Primarily about the francophone philosophes (francophone rather than French, so as to include Rousseau), with frequent attempts to loop in the Enlightenment figures of the American founding and into the Scottish Enlightenment, it makes eighteenth century philosophy a fascinating, discursive read, which is an apt metaphor for it.

Sadly, for me, he fails to stick the landing. First published in 1932, he waxes unhappily about Bolshevism and the socio-political tumult of nineteenth century Europe. While I don’t necessarily mind (if also don’t necessarily agree) with his grumpy reactionary-ism, he doesn’t connect it to his lyrical discourse on the eighteenth century philosophers, except perhaps to say, that was good and these are bad.

Inventing America


I loved this book, but mostly because it made me want to read other books. I’ve started reading Carl Becker, because Wills mentions him. I definitely need to read more Scottish Enlightenment (Hume, Home, Hutcheson, etc).

However, the argument itself seems… unnecessary today. That the Scottish Enlightenment was the critical intellectual yeast of the Founding documents does not seem controversial today, nor does relegating Locke slightly (though not so much as Wills does; he tries to dispel any idea of Locke’s political writings being an influence on Jefferson’s Declaration, which smacks of a lady protesting overly vigorously). He also leans heavily on finding references to Francis Hutcheson (followed by Kames, Hume, Smith, and only rarely Reid).

Wills writes that Lord Kames was Jefferson’s intellectual hero. Of course, Kames, Christian name, Henry Home, was David Hume’s uncle (Hume changed his name so that the spelling matched the phonetics) and Jefferson notably raged against Hume.

He spends as much time emphasizing the Declaration was not seen as a momentous documents at the time it was signed, only later becoming so (in part, through Jefferson’s own efforts to elevate it), as he does on the specific influences that this book is supposed to address. C’est malls vie, I guess.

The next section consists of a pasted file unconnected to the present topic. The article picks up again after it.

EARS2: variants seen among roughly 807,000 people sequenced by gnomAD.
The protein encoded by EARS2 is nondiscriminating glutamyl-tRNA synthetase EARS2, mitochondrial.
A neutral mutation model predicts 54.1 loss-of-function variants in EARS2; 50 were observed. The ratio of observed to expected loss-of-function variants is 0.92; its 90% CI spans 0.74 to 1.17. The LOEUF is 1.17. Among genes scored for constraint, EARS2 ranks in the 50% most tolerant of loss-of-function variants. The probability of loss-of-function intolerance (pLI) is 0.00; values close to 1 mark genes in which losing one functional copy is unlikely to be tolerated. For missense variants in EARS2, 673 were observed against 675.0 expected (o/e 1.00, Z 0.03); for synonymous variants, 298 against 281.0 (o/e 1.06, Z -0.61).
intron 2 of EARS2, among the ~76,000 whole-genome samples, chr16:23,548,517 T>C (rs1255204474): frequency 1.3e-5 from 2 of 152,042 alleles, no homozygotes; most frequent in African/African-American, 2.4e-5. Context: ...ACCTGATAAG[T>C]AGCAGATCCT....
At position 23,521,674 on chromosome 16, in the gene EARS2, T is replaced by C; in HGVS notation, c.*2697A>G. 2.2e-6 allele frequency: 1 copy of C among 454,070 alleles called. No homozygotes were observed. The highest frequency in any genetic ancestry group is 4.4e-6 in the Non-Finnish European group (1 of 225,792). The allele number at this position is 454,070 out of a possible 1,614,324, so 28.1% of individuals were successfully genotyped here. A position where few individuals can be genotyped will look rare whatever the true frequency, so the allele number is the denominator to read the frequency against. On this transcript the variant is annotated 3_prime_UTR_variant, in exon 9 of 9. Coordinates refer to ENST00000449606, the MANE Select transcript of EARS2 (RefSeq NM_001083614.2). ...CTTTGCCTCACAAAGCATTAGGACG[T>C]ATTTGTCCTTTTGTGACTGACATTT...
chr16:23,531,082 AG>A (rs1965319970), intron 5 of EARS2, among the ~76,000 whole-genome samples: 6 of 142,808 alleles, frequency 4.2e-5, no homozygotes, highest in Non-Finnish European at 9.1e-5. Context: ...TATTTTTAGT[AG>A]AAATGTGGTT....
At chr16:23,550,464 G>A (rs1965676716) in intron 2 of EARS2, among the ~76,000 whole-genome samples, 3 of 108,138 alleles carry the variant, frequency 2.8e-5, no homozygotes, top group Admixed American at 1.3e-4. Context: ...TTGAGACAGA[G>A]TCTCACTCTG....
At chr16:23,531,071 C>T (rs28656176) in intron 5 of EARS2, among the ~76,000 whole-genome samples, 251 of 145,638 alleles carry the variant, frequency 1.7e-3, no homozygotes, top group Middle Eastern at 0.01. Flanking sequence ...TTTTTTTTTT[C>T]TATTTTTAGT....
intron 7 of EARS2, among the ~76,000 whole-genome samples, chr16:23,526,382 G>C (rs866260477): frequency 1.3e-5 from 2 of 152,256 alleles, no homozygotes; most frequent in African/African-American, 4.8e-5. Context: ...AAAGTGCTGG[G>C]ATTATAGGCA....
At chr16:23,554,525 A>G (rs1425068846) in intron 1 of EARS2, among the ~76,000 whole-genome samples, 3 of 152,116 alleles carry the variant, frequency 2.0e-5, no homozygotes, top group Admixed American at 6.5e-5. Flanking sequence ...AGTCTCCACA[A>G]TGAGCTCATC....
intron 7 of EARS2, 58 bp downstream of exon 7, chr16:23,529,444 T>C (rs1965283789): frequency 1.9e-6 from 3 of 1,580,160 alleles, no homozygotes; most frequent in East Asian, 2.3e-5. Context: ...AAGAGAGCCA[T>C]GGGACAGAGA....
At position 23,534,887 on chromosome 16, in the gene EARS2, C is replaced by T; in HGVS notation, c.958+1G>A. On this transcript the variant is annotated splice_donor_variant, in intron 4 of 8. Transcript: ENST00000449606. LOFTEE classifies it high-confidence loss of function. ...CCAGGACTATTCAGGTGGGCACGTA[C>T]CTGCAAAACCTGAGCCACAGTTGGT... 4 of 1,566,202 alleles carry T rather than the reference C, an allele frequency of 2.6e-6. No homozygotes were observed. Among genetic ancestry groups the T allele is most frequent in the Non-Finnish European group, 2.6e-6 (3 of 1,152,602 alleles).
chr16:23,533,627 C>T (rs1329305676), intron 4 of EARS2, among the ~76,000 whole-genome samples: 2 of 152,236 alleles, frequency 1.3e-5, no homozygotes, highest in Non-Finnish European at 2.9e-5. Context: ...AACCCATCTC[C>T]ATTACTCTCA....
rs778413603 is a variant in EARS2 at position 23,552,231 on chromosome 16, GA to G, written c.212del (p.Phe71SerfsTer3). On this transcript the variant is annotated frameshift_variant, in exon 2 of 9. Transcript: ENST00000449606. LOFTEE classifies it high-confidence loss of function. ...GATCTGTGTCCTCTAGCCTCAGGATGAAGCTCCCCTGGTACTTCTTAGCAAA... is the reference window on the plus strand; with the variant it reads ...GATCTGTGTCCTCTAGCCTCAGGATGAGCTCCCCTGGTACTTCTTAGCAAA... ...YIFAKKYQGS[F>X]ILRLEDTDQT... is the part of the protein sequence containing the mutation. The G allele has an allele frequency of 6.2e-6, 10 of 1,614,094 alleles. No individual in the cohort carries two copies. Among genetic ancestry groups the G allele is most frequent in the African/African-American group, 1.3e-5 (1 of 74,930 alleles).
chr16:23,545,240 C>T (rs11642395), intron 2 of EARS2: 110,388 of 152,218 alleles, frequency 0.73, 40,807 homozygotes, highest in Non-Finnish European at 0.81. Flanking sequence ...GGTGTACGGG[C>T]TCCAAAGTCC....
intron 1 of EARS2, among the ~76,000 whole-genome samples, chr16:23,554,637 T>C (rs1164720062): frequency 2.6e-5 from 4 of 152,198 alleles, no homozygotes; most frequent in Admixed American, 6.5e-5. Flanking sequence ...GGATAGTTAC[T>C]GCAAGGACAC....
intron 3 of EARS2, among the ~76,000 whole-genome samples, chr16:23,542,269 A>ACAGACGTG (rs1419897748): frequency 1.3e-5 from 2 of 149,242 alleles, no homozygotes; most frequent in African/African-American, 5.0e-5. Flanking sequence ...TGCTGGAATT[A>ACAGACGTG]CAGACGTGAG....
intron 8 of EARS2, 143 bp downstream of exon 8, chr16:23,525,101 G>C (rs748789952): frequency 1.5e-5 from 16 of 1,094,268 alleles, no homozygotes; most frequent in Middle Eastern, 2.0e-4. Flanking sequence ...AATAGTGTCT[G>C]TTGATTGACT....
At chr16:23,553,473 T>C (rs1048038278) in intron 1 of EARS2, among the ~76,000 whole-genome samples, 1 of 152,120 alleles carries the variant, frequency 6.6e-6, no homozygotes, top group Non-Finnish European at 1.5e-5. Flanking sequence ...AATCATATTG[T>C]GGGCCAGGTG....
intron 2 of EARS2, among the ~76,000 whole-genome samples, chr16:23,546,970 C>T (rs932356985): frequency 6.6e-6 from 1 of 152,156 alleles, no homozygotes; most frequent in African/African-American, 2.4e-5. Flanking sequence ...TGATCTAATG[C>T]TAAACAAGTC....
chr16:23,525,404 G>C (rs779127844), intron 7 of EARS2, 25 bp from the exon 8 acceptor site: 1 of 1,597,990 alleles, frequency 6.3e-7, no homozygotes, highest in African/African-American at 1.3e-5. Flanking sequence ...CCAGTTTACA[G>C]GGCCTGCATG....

I did learn things, though, or at least gain new perspectives. He provides new lenses through which to view Jefferson’s famed Head and Heart letter, provided by Scottish sentimental (which doesn’t mean what you think it means) moralism and Laurence Sterne. Incidentally, though I mostly fall into the camp of those who feel that the recipient of that letter and Jefferson did have a sexual relationship, though the letter suggests to me that our third president was an awkward lover.

Agony and Eloquence: John Adams, Thomas Jefferson, And A World Of Revolution


Another book about the relationship between Jefferson and Adams; less formally innovative than the other, but a nice, brisk read, nonetheless. Some odd choices though. It focused less on than the bitter divide that kept them apart for over a decade and more on the things that connected them. For about half the book, it seemed to be using their differing views of the French Revolution as the lens through which to view these two men, but then it seemed to forget about it. Which was weird, because it spent at least fifty pages discussing important figures within the French Revolution. Was that just padding?

Also, kind of amazed how historians (mostly white, male historians) are still tip toeing around Sally Hemings. It was a terrible, terrible thing he did, because her age and lack of freedom meant she could not consent and wildly hypocritical. But he did good, too, and it need not be interred with his bones, and Antony might say, it we acknowledge his deep sins.

The Rise And Fall Of Classical Greece


Despite the Gibbonesque title, this is a not traditional history of classical Greece. It aspires to be more data driven, though spiced with classical learning. Sort of like a Jared Diamond who didn’t reach for tendentious assumptions with uncomfortable racial overtones.

An early example was identifying that, even though ‘Greece’ expanded to many places in the Mediterranean beyond Greece, the distinctly Greek city states (did you know that plural of polis is poleis, because I didn’t) were located in a narrow climate band that featured relatively mild winters and not too much rainfall. While the first seems natural, the latter is counterintuitive, but it seems the liked dry summers, despite the potential benefits to agriculture.

So, I was enjoying this right?

Well, kind of. I actually didn’t finish it. I don’t have limitless reading time and, frankly, I decided to allocate it elsewhere after getting about 100 pages into it. I prefer cultural history to economic history. If I read about classical Greece, I want more Empedocles and Pericles and less olive oil output. Just a personal preference, but that doesn’t mean I don’t think this book is worth your time, though, should you be so inclined.